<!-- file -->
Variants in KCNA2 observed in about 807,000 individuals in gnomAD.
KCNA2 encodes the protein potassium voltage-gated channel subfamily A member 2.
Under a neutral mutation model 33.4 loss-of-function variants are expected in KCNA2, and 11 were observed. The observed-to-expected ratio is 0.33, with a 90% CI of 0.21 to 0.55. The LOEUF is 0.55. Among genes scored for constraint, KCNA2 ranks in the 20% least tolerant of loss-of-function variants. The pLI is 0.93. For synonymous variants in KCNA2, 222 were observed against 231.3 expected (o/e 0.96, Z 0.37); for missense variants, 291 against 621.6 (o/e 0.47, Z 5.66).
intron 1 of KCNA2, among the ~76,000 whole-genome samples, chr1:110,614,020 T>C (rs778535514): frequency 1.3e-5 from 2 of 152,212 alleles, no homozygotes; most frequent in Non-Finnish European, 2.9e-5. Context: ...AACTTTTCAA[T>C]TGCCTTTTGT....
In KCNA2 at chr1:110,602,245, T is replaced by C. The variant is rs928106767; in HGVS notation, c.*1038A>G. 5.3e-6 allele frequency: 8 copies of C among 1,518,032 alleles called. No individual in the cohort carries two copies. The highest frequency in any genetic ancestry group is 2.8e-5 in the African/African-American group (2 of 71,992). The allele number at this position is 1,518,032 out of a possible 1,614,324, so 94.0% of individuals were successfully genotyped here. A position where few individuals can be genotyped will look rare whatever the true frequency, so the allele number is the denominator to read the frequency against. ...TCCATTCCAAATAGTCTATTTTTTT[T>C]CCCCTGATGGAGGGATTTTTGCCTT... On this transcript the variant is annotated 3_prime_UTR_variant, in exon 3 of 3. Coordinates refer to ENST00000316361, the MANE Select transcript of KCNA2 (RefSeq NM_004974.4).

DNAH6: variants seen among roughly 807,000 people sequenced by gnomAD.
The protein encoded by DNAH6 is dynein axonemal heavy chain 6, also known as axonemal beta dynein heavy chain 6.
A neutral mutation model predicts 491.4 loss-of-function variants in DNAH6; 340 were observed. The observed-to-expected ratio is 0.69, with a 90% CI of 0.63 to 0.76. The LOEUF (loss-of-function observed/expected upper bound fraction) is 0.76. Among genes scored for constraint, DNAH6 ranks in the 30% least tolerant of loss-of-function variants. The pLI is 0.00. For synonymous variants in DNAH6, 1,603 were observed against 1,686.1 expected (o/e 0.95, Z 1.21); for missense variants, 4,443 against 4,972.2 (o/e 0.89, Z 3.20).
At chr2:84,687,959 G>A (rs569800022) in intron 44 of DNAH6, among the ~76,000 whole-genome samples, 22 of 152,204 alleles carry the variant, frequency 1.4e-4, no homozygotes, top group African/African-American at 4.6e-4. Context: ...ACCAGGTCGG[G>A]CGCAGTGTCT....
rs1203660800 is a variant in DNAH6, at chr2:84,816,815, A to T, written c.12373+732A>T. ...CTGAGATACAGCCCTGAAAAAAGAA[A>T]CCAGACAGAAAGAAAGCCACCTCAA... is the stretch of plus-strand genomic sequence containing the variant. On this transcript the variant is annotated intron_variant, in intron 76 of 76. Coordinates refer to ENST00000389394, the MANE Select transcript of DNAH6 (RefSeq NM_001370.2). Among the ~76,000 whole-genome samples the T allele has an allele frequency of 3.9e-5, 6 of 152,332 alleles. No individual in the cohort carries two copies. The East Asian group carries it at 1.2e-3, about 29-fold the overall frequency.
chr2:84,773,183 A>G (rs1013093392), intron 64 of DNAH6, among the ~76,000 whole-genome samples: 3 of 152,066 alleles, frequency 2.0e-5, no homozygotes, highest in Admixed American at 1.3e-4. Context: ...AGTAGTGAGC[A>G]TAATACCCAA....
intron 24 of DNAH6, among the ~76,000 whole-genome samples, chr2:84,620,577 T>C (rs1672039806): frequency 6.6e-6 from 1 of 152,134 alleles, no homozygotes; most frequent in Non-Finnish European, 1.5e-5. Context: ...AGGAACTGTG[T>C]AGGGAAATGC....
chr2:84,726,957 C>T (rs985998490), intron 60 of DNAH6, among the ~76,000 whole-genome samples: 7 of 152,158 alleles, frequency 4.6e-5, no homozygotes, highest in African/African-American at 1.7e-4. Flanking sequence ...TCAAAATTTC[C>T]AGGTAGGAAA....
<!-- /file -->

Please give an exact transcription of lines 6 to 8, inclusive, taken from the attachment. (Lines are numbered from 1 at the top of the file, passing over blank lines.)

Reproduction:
DNAH6: variants seen among roughly 807,000 people sequenced by gnomAD.
The protein encoded by DNAH6 is dynein axonemal heavy chain 6, also known as axonemal beta dynein heavy chain 6.
A neutral mutation model predicts 491.4 loss-of-function variants in DNAH6; 340 were observed. The observed-to-expected ratio is 0.69, with a 90% CI of 0.63 to 0.76. The LOEUF (loss-of-function observed/expected upper bound fraction) is 0.76. Among genes scored for constraint, DNAH6 ranks in the 30% least tolerant of loss-of-function variants. The pLI is 0.00. For synonymous variants in DNAH6, 1,603 were observed against 1,686.1 expected (o/e 0.95, Z 1.21); for missense variants, 4,443 against 4,972.2 (o/e 0.89, Z 3.20).